The medical system is on the point of abandoning the city to escape abusive lawsuits. A series of observations about shared blame, ultimately assigns responsibility to the mistake of allowing this matter to be covered by insurance, thus creating a financial target.
Some Philadelphia physicians are contributors to current national debates on the financing of medical care.
One important step is reducing the financial incentives for plaintiffs to sue
In a situation as complex as the medical malpractice crisis, it's hard to know where to begin, and how far to go. We argue here for reducing the financial incentives for plaintiff's to sue. Of the various steps which would accomplish that, the one with proven effectiveness is to place an upper limit of $250,000 on awards for non-economic damages, mainly pain and suffering. Another step which is easy to explain is to allow juries to know about (and take into consideration) the economic damages which have already been paid by another insurance, like Blue Cross or Worker's Compensation. A third world be to pay out damages for support and disability month by month instead of in a big lump sum which may never be used. These financially-oriented changes, particularly the cap on pain and suffering awards, would be sufficient to stabilize the present chaotic situation for perhaps as long as ten years. During that period of respite, more basic reforms could be examined and tested. It would definitely be better not to get into many of the fundamental issues, just now.
-- The present tort system is said to have been invented by Charlemagne in the 8th Century, to put a stop to private settlement of disputes by duels and revenge fights. It has evolved into a system which attempts to place a dollar value on every injury and compensate the injured party. It must be obvious that some injuries do not have any equivalent in dollars, and few injuries are much improved by being paid for. Society needs a long period of reexamination of how we can best compensate those who would benefit from financial compensation, and then what to do about problems that money will not solve. We need a new system that is less expensive to operate, gets better results quicker, and has less tendency to provoke dissention. To do that well, will first require at least ten years of stability, not likely unless we do something first to stabilize.
-- Too many other issues are crowding the attention of our legislators. A related issue, product liability, has greater power to gain attention, regardless of its relative merit. Our medical leaders need to acknowledge that product liability reforms may get ahead of medical malpractice in the Congress if we dither, and therefore sweeping medical reform proposals will then require appreciable modification before they can pass.
-- Similarly, the public is presently dismayed to see the governance of major corporations needs fundamental reappraisal, along with difficult decisions about accounting methods within businesses in general. It is not sensible to respond drastically to the disruptions of hospital governance caused by malpractice-induced upheavals, when there looms ahead some unknowable organizational rearrangement of corporations in general.
-- What is being proposed as a simple stop-gap -- is to make a change in the court system, in order to rescue a different profession, the insurance system. Never mind that the courts provoked this problem in the first place, courts will nonetheless prefer insurance to seek an insurance solution to its difficulties. Furthermore, it is a federal approach to what has traditionally been a state matter, both in trials of tort, and in the business of insurance. Such an approach is not easy to accomplish, and must contend with every competitive proposal made by those who would lose from it. All of the alternatives have already been examined and are truly not feasible, but they must have a hearing. Ultimately, it may require political brute force to pass this simple measure, and that has a political cost to be considered.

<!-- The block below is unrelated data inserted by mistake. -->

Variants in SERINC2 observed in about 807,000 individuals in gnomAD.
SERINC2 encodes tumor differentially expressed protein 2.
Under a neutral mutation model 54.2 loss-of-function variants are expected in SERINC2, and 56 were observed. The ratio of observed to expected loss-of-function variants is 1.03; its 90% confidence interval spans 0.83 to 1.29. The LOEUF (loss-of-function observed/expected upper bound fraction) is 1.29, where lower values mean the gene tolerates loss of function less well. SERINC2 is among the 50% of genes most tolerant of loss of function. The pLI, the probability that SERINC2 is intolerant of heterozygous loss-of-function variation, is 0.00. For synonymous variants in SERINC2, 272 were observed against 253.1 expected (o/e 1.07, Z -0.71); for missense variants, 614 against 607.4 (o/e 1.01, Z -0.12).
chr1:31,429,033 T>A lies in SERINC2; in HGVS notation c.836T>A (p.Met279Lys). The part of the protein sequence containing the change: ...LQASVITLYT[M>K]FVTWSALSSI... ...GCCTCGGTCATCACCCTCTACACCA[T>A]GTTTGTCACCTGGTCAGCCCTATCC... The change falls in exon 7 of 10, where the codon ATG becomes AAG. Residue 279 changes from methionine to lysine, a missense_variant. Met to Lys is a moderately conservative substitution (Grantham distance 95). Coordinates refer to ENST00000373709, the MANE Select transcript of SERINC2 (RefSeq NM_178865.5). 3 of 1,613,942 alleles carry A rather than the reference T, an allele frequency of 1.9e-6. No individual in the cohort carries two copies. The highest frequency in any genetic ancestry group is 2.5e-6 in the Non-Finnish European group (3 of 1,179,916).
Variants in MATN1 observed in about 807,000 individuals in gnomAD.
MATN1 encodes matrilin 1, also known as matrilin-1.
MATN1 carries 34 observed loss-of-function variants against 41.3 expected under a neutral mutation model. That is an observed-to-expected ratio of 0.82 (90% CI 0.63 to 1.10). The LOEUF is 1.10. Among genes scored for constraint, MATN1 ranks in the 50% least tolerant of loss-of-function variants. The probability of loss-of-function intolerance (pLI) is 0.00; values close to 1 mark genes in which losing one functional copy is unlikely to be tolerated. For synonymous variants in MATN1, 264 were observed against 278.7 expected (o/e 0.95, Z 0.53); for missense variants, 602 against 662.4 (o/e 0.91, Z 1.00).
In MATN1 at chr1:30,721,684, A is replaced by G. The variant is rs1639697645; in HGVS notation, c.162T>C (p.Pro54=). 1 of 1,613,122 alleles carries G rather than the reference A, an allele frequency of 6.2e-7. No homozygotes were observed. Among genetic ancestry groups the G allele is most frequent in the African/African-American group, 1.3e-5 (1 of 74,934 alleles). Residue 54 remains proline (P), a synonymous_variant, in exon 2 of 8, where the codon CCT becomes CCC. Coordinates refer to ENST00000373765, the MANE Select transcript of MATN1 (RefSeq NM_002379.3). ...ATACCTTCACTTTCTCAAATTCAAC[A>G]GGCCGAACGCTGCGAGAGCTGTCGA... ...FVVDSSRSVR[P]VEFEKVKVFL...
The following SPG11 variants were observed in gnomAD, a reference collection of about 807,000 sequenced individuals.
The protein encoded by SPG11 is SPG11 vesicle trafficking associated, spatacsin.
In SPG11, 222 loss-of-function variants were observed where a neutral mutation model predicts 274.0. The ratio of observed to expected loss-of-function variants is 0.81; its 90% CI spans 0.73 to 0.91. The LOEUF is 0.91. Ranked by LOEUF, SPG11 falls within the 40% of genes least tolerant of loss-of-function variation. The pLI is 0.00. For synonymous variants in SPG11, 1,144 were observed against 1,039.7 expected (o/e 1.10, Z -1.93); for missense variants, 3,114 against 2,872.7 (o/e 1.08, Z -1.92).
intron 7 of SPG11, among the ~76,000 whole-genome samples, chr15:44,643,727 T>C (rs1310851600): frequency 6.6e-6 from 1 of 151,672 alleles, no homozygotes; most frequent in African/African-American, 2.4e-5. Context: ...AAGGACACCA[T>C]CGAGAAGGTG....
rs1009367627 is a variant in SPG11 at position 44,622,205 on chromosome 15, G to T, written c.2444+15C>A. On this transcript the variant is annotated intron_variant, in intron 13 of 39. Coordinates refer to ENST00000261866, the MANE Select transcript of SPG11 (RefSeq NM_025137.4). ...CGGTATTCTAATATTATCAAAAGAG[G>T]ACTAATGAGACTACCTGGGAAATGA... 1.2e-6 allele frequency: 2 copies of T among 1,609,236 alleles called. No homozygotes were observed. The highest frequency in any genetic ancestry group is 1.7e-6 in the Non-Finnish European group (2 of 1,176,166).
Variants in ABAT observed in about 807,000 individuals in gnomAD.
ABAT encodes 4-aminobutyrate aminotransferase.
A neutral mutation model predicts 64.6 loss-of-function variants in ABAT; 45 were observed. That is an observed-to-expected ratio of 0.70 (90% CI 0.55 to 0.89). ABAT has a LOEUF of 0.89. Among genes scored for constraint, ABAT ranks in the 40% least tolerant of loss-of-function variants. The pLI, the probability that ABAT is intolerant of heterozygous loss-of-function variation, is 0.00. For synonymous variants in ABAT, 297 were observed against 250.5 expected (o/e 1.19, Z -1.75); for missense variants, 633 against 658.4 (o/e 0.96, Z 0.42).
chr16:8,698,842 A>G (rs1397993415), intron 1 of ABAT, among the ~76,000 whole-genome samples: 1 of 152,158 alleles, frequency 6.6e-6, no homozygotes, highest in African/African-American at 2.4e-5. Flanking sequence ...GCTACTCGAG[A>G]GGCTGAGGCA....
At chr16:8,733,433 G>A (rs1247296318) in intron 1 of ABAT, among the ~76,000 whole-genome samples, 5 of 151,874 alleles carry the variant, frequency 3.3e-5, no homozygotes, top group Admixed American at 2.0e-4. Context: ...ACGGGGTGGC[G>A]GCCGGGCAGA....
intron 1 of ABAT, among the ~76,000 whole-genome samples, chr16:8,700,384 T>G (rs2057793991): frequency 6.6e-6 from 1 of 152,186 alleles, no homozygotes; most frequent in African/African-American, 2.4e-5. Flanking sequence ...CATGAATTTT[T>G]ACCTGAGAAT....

-- Once the public fully realizes that this problem has a lot to do with rising levels of health insurance, and that universal health insurance would thoroughly confound its solution, many people will have to reconsider their deeply-held opinions. The steps taken to stabilize this situation must be simple, easily understood, and adopted soon. There is more to be said, but it's better to stick with a simple point, and adopt a solution that can demonstrate twenty-five years of success in several states.
To summarize the present medical malpractice snarl, particularly what the 2005 Congress should do about fixing it, please tolerate first a bit of naval history from 1777. Speculative Philadelphians rowed across the Delaware River to New Jersey and as far up the Jersey creeks as they could go. Walking a mile or so East, they reached the bustling shipyards of privateer captains, at the headwaters of creeks running the other way, out to sea. The speculators bought shares in the vessels of likely-looking captains, their money bought supplies and sign-on inducements for the crew. The captains then sailed out to blue water through the coastal creeks and bays, and if they came back, paid off the shareholders. If they never came back, the shareholders lost their money, the sailors including the captain, lost their lives. When ships were lost, it was presumed to be the captain's fault, but he risked his own life in the process, so utmost diligence in a chancy business was fairly confidently presumed. That's the way the "captain-of-the-ship" idea evolved when corporations, especially hospitals, emerged in the following century. And that's the origin of the belief that the responsibility of the stockholder was limited to his investment, and supervision of the captain was very limited. As business corporations evolved out of this model, the stockholders took some responsibility, and the captain-like C.E.O. took considerably less personal responsibility for mistakes of employees doing what they were told to do. Eventually stockholders were assigned the whole cost of corporate damage awards, gaining very little true control in the process. Hospitals, possessing charitable immunity, were just about the last to go down this trail, so many principles of the captain of the ship idea persisted, both confounding the hospital-physician relationship in court, and the mutual rights and responsibilities in actual medical care delivery, when charitable immunity was suddenly withdrawn. Using every argument weak and strong, and exploiting every legal ambiguity, the trial bar then unwittingly brought this disruption of essential services to the point where something absolutely must be done about it, and soon.